Making machine learning robust against adversarial inputs

Communications of the ACM, pp. 56-66, 2018.

Cited by: 105|Bibtex|Views230|DOI:https://doi.org/10.1145/3134599
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A subfield of artificial intelligence, most modern machine learning, as used in production, can essentially be understood as applied function approximation; when there is some mapping from an input x to an output y that is difficult for a programmer to describe through explicit c...

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Such inputs distort how machine-learning-based systems are able to function in the world as it is.

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Introduction
  • MACHINE LEARNING HAS advanced radically over the past 10 years, and machine learning algorithms achieve human-level performance or better on a number of tasks, including face recognition,[31] optical character recognition,[8] object recognition,[29] and playing the game Go.[26].
  • Such assumptions have been useful for designing effective machine learning algorithms but implicitly rule out the possibility that an adversary could alter the distribution at either training time or test time.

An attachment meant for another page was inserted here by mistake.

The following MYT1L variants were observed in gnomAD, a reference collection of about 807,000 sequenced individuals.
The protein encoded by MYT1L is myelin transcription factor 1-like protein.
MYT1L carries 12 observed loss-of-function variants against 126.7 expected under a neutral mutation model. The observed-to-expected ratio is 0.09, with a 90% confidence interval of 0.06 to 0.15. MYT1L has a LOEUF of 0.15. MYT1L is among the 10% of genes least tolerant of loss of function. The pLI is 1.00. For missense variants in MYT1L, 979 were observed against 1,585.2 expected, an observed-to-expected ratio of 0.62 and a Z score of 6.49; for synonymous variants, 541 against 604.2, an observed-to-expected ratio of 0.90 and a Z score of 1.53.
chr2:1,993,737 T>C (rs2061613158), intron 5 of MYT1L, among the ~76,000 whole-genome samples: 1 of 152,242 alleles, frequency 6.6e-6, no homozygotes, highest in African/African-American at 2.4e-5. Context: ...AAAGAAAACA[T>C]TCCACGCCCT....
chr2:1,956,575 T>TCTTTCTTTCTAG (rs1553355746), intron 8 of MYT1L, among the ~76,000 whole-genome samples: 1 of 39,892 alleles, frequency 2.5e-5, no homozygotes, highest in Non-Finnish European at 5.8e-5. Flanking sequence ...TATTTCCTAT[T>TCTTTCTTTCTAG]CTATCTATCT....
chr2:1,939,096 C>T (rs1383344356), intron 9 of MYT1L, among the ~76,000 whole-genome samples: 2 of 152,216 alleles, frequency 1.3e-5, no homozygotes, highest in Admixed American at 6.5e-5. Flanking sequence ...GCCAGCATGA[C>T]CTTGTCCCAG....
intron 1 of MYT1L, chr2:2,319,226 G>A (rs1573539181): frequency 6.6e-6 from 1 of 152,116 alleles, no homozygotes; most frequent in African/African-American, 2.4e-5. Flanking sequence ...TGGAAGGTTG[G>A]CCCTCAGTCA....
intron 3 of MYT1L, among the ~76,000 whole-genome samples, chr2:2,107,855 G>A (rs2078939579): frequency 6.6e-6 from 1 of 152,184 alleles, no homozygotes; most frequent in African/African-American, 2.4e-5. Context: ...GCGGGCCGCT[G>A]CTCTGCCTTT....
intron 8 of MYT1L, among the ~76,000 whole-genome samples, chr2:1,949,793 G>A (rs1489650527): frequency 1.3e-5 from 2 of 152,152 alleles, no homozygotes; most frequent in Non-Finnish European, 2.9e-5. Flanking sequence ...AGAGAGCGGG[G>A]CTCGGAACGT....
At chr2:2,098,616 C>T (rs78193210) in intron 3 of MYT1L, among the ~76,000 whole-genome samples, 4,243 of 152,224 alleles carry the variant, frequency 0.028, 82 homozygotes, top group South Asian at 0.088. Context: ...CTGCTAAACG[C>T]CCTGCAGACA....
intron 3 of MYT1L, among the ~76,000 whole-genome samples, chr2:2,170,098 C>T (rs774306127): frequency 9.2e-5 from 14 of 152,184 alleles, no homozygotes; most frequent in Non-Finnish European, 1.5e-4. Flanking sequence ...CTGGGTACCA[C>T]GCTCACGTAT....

Highlights
  • MACHINE LEARNING HAS advanced radically over the past 10 years, and machine learning algorithms achieve human-level performance or better on a number of tasks, including face recognition,[31] optical character recognition,[8] object recognition,[29] and playing the game Go.[26]
  • The modern generation of machine learning services is a result of nearly 50 years of research and development in artificial intelligence—the study of computational algorithms and systems that reason about their environment to make predictions.[25]
  • A subfield of artificial intelligence, most modern machine learning, as used in production, can essentially be understood as applied function approximation; when there is some mapping from an input x to an output y that is difficult for a programmer to describe through explicit code, a machine learning algorithm can learn an approximation of the mapping by analyzing a dataset containing several examples of inputs and their corresponding outputs
  • The inputs x are usually assumed to all be drawn independently from the same probability distribution at both training and test time. This means that while test inputs x are new and previously unseen during the training process, they at least have the same statistical properties as the inputs used for training. Such assumptions have been useful for designing effective machine learning algorithms but implicitly rule out the possibility that an adversary could alter the distribution at either training time or test time
  • We present here three canonical examples of gradient-based attacks: the L-BFGS approach, the Fast Gradient Sign Method (FGSM), and the Jacobian Saliency Map Approach (JSMA)